May 2008

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Het weer in de Gers

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the trie supporters bus
Alain and Damien and the FCT Bees mascot van

perry and yannick
Yannick and the banda wore last season's shirts, which also had not been washed since then either, so we didn't smell that good.

the girls arrive
But the girls made up for us by turning on the style.

young plants
Caroline preparing lunch for the slugs and snails

tomato plants
Pass any vegetable garden or 'potager' in Gascony and they will all have old roof tiles up, protecting the young tomatoes

ball trap with Christian
Christian was hitting an average of eight out of ten discs

damien and the elderflower syrup
Damien came to help stir up some syrup. He took a couple
of bottles home, with his own special 'à la Perry' label.

sirop de sureau
We can make labels for all your own jams and conserves!

digging the foundation out
The field slopes slightly, so Didier had to cut out the shape much deeper on one side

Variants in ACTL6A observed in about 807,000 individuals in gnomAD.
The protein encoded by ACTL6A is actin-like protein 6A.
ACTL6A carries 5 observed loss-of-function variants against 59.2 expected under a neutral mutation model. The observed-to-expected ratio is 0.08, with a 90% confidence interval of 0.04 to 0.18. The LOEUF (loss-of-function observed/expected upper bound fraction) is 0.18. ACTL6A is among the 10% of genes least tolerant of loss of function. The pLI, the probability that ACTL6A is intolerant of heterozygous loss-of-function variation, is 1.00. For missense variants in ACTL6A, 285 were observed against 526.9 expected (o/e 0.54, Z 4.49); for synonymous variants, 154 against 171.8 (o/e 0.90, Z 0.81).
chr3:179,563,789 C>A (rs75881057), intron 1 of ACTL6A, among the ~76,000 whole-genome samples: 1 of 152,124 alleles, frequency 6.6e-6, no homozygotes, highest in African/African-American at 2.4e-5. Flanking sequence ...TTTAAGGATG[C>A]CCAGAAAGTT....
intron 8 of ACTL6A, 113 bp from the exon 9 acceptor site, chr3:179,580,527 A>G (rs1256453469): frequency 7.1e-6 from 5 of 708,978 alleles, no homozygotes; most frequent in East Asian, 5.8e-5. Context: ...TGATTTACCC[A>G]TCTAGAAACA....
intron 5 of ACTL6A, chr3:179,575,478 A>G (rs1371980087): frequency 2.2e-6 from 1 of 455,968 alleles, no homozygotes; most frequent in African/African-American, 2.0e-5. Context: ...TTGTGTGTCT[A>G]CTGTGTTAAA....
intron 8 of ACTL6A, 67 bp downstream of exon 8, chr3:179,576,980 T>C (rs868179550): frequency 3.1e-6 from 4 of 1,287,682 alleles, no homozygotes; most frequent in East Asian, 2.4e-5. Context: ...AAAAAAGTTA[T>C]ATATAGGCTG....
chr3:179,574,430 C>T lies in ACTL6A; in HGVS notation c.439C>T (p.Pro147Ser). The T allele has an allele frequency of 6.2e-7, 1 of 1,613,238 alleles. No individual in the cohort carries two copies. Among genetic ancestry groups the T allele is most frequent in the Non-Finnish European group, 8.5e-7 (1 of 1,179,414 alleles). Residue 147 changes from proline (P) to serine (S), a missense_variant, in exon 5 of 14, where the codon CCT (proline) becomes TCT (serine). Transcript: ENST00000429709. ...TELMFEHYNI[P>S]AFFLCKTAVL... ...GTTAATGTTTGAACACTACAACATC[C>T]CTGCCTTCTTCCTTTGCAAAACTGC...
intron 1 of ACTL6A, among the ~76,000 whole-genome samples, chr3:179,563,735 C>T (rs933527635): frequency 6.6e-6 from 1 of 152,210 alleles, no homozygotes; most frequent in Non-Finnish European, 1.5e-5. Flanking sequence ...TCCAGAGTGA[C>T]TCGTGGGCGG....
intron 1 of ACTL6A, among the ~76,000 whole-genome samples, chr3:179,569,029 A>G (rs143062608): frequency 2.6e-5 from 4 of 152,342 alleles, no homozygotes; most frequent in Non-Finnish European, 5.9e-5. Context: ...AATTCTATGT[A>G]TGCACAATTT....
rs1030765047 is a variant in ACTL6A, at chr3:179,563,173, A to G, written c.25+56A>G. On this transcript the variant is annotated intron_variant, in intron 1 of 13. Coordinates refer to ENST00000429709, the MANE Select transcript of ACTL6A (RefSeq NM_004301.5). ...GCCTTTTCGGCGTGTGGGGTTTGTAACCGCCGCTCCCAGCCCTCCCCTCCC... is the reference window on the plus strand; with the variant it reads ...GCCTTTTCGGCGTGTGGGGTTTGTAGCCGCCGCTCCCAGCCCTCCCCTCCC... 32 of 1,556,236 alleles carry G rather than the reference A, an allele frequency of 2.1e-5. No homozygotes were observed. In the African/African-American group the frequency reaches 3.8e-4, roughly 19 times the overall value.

the sand arrives
The liner in position just as the gravel arrives, we then spread it out with the digger.

the boss watches
Perry wondering how it will all end.

laying the wooden frame
Positioning the planks and railway sleepers to keep the court in shape, the grass out and the to act as an 'out of bounds' during play.

positioning the beams
The poplar beams dropping into place. Three generations of Fourquets helped us that day. The drinks circle is on the left.

They're rugby crazy, rugby mad...
Our friend Alain Fourquet and his son Damien are avid rugby fans and follow Trie FCT. This year FCT were in the Championat so were in several play-off matches to see if they would be promoted to the next division. They turned up early one Sunday morning, ready for the match in Bagnère de Bigorre. Alain's van being yellow, he just had to cover it with black tape and flags made by Véronique to turn it into the FCT mobile. Off we went, all togged out in yellow and black, with car loads of fans from Trie and the surrounding villages.

To pep up the team, the banda, led by Yannick - our friend who runs the DIY shop in Trie - played all the way there, through the match and afterwards to a slightly disappointed following. Trie lost but still had a chance. The next match was two weeks later in Les Landes, but after leading, FCT lost in the last few minutes and so will have to try for promotion again next year. Still, we all had a great time and the spirit of FCTs fans made each match a lot of fun. So much so that Perry decided to join as a dirigeant at the club. This is a glorified name for one of the old players who now cater for the teams, make dinner on training nights and man the bars on match days. A great excuse for a lads' night out and for Perry to get to know more of the characters in Trie.